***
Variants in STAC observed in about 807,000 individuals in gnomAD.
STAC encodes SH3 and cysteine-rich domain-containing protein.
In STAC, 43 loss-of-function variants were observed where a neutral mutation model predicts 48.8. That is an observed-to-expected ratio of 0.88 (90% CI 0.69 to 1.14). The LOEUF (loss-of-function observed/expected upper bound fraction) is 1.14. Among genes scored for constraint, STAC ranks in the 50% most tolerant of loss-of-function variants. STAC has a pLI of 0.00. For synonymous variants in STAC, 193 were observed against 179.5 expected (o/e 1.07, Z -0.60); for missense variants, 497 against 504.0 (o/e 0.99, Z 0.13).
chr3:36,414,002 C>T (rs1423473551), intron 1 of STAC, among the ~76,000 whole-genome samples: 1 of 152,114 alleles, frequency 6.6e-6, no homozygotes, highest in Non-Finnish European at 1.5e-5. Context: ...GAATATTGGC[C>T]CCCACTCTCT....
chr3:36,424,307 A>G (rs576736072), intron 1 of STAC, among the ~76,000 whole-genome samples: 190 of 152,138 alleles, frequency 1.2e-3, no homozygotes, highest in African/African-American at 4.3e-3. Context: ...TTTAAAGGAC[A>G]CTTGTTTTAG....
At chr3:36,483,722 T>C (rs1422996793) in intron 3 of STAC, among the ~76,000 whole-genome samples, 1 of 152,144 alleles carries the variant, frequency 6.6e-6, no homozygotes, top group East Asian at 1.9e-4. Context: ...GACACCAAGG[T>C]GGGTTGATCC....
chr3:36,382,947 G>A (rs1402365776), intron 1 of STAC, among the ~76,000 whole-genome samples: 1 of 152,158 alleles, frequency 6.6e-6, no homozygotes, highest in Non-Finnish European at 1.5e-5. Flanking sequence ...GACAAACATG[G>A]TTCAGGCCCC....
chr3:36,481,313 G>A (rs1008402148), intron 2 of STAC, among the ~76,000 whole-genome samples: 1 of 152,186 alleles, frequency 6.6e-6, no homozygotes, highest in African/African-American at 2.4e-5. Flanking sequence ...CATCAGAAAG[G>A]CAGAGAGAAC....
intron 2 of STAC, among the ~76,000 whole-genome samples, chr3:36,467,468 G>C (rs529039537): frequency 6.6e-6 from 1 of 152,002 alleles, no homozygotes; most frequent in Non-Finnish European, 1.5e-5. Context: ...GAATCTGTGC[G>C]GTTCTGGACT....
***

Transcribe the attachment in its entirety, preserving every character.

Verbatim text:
Variants in STAC observed in about 807,000 individuals in gnomAD.
STAC encodes SH3 and cysteine-rich domain-containing protein.
In STAC, 43 loss-of-function variants were observed where a neutral mutation model predicts 48.8. That is an observed-to-expected ratio of 0.88 (90% CI 0.69 to 1.14). The LOEUF (loss-of-function observed/expected upper bound fraction) is 1.14. Among genes scored for constraint, STAC ranks in the 50% most tolerant of loss-of-function variants. STAC has a pLI of 0.00. For synonymous variants in STAC, 193 were observed against 179.5 expected (o/e 1.07, Z -0.60); for missense variants, 497 against 504.0 (o/e 0.99, Z 0.13).
chr3:36,414,002 C>T (rs1423473551), intron 1 of STAC, among the ~76,000 whole-genome samples: 1 of 152,114 alleles, frequency 6.6e-6, no homozygotes, highest in Non-Finnish European at 1.5e-5. Context: ...GAATATTGGC[C>T]CCCACTCTCT....
chr3:36,424,307 A>G (rs576736072), intron 1 of STAC, among the ~76,000 whole-genome samples: 190 of 152,138 alleles, frequency 1.2e-3, no homozygotes, highest in African/African-American at 4.3e-3. Context: ...TTTAAAGGAC[A>G]CTTGTTTTAG....
At chr3:36,483,722 T>C (rs1422996793) in intron 3 of STAC, among the ~76,000 whole-genome samples, 1 of 152,144 alleles carries the variant, frequency 6.6e-6, no homozygotes, top group East Asian at 1.9e-4. Context: ...GACACCAAGG[T>C]GGGTTGATCC....
chr3:36,382,947 G>A (rs1402365776), intron 1 of STAC, among the ~76,000 whole-genome samples: 1 of 152,158 alleles, frequency 6.6e-6, no homozygotes, highest in Non-Finnish European at 1.5e-5. Flanking sequence ...GACAAACATG[G>A]TTCAGGCCCC....
chr3:36,481,313 G>A (rs1008402148), intron 2 of STAC, among the ~76,000 whole-genome samples: 1 of 152,186 alleles, frequency 6.6e-6, no homozygotes, highest in African/African-American at 2.4e-5. Flanking sequence ...CATCAGAAAG[G>A]CAGAGAGAAC....
intron 2 of STAC, among the ~76,000 whole-genome samples, chr3:36,467,468 G>C (rs529039537): frequency 6.6e-6 from 1 of 152,002 alleles, no homozygotes; most frequent in Non-Finnish European, 1.5e-5. Context: ...GAATCTGTGC[G>C]GTTCTGGACT....